The U.S. Supreme Court today allowed the Centers for Medicare & Medicaid Services vaccine mandate to go into effect nationwide while blocking the Occupational Safety and Health Administration’s vaccine requirements from taking effect. The Court ruled 5-4 in allowing the CMS vaccine mandate to go into effect and 6-3 in blocking the OSHA mandates. 
 
AHA members will receive a Special Bulletin with more details, and watch for a blog post soon from Sean Marotta, a partner at Hogan Lovells and AHA outside counsel that will be available here
 
In a statement shared with the media today, AHA President and CEO Rick Pollack said, “For two long years, the dedicated women and men of America’s hospitals and health systems have experienced firsthand the overwhelming impact of COVID-19. The pandemic has been frustrating, exhausting, and heartbreaking. The COVID-19 vaccines have been a ray of light because they greatly decrease the chances of contracting COVID-19, becoming severely sick, being hospitalized, or dying. 
“That is why the AHA has consistently urged all health care workers to be vaccinated and supports hospitals and health systems that require them for their workforce to better protect them, their patients and the communities they care for. We also recognize that a vaccine requirement has the potential to create additional workforce staffing issues, at a time when our workforce is already exhausted by the many demands of COVID-19.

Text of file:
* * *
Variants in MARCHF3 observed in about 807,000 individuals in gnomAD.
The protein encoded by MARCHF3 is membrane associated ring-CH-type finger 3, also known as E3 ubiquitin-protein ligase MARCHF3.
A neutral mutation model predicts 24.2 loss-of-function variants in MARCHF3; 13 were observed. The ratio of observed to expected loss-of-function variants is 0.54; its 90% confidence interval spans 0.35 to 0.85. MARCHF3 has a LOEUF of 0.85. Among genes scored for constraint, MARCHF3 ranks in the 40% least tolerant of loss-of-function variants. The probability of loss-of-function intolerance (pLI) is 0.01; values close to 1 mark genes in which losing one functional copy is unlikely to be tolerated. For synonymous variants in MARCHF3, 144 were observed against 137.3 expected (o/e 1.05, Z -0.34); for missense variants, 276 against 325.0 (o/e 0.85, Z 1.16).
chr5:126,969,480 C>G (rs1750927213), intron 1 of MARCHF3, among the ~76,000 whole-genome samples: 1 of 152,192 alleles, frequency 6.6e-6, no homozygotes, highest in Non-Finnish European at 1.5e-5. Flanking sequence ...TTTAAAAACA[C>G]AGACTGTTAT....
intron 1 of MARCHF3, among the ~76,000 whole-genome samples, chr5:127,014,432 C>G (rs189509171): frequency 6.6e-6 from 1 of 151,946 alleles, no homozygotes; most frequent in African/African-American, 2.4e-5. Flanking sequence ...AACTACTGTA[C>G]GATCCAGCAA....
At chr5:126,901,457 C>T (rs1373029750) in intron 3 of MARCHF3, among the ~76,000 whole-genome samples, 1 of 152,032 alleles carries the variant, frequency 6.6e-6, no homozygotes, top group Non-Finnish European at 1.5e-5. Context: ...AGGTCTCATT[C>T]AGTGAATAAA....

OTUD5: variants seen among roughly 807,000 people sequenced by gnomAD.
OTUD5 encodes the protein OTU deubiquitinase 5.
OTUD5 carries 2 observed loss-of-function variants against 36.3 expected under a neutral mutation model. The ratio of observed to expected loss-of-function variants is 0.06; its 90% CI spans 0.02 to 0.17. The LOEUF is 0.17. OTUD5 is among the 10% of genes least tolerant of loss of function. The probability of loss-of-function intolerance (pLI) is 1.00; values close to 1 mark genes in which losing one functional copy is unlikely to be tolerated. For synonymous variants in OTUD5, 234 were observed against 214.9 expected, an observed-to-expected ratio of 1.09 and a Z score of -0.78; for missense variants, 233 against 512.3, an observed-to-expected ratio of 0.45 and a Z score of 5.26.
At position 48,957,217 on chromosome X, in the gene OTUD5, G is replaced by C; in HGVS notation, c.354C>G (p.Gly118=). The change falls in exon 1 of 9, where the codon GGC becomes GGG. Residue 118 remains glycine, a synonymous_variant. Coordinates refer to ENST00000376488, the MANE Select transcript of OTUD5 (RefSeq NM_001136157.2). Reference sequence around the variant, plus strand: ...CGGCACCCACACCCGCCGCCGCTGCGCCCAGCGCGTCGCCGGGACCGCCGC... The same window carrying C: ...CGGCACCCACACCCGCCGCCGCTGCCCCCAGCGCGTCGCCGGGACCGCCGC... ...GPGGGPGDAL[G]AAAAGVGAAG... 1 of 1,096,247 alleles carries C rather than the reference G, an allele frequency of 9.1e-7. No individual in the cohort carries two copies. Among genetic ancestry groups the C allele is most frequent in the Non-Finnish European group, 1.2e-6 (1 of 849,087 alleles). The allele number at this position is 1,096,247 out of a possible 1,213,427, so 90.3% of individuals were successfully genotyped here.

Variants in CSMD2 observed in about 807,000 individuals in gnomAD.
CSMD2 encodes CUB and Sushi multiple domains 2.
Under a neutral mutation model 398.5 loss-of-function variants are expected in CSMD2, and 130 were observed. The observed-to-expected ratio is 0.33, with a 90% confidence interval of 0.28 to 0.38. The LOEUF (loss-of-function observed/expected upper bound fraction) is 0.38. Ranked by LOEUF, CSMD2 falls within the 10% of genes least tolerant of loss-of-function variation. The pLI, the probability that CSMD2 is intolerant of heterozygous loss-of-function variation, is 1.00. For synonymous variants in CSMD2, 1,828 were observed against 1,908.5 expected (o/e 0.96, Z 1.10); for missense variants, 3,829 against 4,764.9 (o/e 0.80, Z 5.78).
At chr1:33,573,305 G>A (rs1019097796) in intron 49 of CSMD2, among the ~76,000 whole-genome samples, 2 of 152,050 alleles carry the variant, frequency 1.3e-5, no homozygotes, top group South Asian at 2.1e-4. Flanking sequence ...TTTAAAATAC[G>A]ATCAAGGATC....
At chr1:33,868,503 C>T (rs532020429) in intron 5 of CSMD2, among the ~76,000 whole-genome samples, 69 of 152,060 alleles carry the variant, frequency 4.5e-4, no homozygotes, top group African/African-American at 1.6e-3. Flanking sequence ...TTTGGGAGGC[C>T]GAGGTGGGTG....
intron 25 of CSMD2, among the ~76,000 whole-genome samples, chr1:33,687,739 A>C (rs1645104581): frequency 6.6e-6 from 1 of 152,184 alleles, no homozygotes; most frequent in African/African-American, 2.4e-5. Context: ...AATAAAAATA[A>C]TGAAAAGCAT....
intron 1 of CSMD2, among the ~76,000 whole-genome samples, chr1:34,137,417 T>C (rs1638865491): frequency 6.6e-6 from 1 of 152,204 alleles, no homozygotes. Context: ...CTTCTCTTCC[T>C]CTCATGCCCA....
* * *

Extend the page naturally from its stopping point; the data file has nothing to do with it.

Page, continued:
“Now that the Supreme Court ruling has lifted the ban on the CMS vaccine mandate, the AHA will work with the hospital field to find ways to comply that balances that requirement with the need to retain a sufficient workforce to meet the needs of their patients. We appreciate the recent guidance that extended the compliance deadline and offered enforcement discretion. We expect CMS to honor those commitments and continue to work closely with us to ensure that compliance is measured in a thoughtful and careful way that recognizes current circumstances.
 
“In addition, we expect the Administration to continue to work with us by providing the funding and other resources needed to pursue aggressive and creative strategies to bolster the health care workforce. Without further support, hospitals and health systems will continue to struggle to maintain the workforce necessary to battle the virus while also maintaining the essential health services that patients and communities depend on each day. 

“Lastly, we urge any health care providers that are not subject to the CMS requirement to continue their efforts to achieve high levels of vaccination. We must continue to work together as a field to use vaccines as the powerful tool that they are to protect everyone in our communities.” 
 

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